Will Smith’s Oscars attack of Chris Rock may be the slap heard around the world. But for those in the deaf community, it had a silencing effect that they find to be heartbreaking and anger-inducing.
The smack happened on the same night that “CODA” — about the hearing child of two deaf parents as she struggles to help navigate out with her family business and pursuing her own musical dreams — made waves, snagging Best Picture and two other Academy Awards.
It was a seismic moment for the deaf community, as the movie also featured hearing-impaired actors including Troy Kotsur, who won Best Supporting Actor.
“We have a great thing with this movie, and Will Smith’s slap superseded it,” said Bob Hiltermann, a deaf actor who’s appeared in movies such as “Children of a Lesser God” and TV shows including “Hawaii Five-O.”
“I was looking at the news for information about ‘CODA’ and all I saw everywhere was the slap,” he said. “Will Smith apologized to the Academy but he should have apologized to ‘CODA’ for drawing away so much attention. He stole the spotlight that should have been present on people who worked on ‘CODA.’”
Jennifer Delora, who has worked as an actress, producer and technical advisor, has never allowed defeat to hold her back. And she refuses to let Smith’s behavior spoil the moment. “Tears came out of my eyes when Troy won,” she told The Post.
But the slap “took attention away from where it should have been,” Delora said. “I was disappointed … We have been working so hard to have fair representation in the movie business. Right now I am hoping for the world to see the skills of deaf individuals. I hope this win will change people so that they see deafness differently. The word is out on the beauty of making things more inclusive for deaf people.”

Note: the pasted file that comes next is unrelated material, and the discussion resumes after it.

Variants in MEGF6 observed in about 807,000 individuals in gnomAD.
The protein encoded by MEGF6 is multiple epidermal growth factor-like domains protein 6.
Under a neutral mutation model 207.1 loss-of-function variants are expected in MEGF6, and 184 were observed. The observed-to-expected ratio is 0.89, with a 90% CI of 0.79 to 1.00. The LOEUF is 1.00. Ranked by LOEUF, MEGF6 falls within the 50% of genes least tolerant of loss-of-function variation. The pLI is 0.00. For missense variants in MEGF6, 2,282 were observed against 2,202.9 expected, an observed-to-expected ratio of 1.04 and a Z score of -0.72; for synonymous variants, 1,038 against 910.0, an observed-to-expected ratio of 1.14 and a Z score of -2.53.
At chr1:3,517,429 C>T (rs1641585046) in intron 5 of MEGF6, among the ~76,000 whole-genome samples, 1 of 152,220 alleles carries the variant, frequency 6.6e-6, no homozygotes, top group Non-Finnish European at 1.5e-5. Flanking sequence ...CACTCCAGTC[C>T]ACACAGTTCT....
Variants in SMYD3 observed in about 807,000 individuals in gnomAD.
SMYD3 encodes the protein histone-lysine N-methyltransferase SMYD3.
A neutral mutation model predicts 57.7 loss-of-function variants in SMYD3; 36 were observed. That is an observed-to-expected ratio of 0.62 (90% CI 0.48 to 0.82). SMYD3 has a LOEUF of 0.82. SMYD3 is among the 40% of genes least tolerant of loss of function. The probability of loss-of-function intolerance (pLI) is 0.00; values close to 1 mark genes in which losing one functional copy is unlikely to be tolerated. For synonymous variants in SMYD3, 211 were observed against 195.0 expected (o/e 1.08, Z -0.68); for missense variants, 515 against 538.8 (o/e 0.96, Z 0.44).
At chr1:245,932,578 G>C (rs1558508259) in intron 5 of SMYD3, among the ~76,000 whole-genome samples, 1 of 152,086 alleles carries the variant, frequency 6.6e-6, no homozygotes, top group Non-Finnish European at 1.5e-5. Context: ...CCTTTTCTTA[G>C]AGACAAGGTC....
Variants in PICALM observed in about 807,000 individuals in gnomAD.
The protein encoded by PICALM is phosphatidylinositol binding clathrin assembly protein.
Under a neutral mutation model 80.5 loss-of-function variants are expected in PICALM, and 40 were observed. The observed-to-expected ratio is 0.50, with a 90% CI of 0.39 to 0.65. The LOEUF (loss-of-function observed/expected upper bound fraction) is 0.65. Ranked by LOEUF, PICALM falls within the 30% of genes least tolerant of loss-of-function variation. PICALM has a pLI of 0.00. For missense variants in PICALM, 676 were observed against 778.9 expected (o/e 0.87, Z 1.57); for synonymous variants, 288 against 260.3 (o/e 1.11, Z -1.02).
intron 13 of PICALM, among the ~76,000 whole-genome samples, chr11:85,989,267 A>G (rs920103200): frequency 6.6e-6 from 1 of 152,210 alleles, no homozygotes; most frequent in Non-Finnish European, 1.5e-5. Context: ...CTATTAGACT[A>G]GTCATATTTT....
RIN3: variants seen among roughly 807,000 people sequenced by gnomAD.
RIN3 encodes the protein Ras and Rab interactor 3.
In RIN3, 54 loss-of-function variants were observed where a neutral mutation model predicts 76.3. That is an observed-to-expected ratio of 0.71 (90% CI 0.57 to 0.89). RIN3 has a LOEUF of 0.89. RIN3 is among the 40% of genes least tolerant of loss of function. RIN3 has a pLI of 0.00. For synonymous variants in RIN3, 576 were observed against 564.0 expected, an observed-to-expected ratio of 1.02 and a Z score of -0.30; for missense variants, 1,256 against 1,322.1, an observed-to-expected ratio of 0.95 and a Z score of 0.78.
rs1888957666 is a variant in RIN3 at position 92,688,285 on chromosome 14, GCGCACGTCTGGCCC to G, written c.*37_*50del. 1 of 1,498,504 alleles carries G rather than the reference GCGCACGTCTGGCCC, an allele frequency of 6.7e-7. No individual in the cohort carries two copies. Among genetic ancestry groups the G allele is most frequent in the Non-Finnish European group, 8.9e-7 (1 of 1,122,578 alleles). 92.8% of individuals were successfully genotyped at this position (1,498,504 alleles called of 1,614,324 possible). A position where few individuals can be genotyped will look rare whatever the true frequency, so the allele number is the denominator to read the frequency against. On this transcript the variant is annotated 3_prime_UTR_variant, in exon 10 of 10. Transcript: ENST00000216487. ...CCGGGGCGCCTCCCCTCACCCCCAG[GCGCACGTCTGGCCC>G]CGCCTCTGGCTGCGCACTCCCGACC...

While the media obsesses over what Delora calls “the silliness” of the Smith situation, “the deaf community is focused on Troy’s great performance,” she added. “We won’t let bad behavior take away from the historic moment.”
Indeed, the show ended on a beautiful image, as the audience signed “deaf applause,” waving their hands in the air.
CJ Jones, a deaf actor, writer and camera operator who appeared in “Baby Driver” and an early short version of “CODA,” was in Alberta working on “The Last of Us” for HBO when Smith stole the show.
“I am choosing to not let that overshadow the greatness of ‘CODA’ winning for best picture,” said Jones, whose Sign World Studios will be putting on a film festival this June devoted to entries with themes of deafness. “It’s a bummer but I know that Troy’s speech will not be forgotten.” (Kotsur wrenched emotions as he signed, “My dad was the best signer in our family, but he was in a car accident and he became paralyzed from the neck down … [Dad]you are my hero.”)
“’CODA’ will be back in the spotlight once the Will Smith incident blows over,” Jones told The Post. “It was a silly thing, and I think a movie that touches hearts will have the longevity.”